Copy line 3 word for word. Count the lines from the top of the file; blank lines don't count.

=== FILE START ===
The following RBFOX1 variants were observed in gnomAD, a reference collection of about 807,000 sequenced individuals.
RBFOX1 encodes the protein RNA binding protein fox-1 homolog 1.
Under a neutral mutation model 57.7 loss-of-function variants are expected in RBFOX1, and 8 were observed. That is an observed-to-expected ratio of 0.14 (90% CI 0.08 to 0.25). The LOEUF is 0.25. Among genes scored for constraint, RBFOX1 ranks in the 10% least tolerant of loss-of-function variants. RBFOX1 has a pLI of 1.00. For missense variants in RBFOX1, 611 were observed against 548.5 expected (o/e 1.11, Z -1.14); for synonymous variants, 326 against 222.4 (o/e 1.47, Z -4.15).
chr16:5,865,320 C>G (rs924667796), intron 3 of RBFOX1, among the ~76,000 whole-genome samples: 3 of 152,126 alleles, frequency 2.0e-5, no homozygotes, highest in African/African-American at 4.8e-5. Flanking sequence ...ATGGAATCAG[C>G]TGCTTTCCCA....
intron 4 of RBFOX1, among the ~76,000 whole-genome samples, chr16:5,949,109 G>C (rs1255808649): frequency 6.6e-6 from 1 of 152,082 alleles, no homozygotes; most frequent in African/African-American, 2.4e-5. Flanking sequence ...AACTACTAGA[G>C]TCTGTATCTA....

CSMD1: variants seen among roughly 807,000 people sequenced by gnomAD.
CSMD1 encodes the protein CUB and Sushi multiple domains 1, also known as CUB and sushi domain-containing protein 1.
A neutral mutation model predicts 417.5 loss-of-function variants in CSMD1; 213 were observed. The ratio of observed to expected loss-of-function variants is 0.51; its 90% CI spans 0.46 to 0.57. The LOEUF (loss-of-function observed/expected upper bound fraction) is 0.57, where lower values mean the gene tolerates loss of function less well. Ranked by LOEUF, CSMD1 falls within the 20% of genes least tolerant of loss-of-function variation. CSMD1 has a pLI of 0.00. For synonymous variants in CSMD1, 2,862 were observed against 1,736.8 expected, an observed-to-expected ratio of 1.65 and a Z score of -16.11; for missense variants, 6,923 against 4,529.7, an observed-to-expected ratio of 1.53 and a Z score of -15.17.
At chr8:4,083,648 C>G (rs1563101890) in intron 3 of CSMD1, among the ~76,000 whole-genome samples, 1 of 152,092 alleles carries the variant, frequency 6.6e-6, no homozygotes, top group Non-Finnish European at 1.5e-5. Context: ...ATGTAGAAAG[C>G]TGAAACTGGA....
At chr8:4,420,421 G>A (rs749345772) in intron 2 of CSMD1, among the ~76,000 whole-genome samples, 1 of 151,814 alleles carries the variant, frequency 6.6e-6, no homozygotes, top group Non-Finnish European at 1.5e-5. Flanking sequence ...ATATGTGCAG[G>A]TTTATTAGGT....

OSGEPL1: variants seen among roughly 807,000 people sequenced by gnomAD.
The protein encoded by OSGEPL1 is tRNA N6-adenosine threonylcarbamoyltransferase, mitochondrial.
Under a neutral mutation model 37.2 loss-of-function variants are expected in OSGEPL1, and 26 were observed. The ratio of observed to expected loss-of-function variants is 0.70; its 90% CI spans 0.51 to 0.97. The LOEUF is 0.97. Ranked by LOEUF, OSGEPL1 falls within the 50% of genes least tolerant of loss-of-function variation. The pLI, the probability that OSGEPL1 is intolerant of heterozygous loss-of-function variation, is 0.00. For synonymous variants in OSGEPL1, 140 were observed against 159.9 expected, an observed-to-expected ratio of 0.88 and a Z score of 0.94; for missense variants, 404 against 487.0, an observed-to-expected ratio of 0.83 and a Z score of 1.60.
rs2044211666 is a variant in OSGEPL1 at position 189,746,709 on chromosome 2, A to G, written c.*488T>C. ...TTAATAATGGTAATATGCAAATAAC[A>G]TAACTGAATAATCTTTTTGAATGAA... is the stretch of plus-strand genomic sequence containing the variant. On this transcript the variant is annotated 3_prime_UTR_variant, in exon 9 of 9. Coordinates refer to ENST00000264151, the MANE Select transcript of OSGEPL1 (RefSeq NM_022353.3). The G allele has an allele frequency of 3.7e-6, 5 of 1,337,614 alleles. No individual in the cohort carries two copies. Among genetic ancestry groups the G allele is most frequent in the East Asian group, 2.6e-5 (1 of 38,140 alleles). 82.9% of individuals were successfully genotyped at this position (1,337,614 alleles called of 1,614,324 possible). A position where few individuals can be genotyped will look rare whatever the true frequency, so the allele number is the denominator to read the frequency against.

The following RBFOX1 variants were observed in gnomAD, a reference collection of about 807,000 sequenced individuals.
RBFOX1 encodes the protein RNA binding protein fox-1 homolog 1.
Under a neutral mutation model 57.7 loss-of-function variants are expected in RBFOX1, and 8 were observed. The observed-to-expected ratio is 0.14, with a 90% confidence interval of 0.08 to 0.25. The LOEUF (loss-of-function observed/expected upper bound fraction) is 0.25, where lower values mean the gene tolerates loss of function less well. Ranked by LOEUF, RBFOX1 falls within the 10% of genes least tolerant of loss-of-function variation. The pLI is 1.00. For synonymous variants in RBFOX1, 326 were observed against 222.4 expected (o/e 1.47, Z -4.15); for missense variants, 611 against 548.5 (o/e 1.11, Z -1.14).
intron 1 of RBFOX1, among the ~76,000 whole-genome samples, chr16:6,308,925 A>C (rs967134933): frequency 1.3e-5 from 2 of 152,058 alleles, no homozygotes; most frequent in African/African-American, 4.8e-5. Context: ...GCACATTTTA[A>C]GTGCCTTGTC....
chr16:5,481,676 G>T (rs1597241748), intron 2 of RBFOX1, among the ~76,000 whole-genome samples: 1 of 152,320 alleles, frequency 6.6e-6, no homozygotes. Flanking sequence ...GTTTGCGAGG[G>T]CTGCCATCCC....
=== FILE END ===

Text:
Under a neutral mutation model 57.7 loss-of-function variants are expected in RBFOX1, and 8 were observed. That is an observed-to-expected ratio of 0.14 (90% CI 0.08 to 0.25). The LOEUF is 0.25. Among genes scored for constraint, RBFOX1 ranks in the 10% least tolerant of loss-of-function variants. RBFOX1 has a pLI of 1.00. For missense variants in RBFOX1, 611 were observed against 548.5 expected (o/e 1.11, Z -1.14); for synonymous variants, 326 against 222.4 (o/e 1.47, Z -4.15).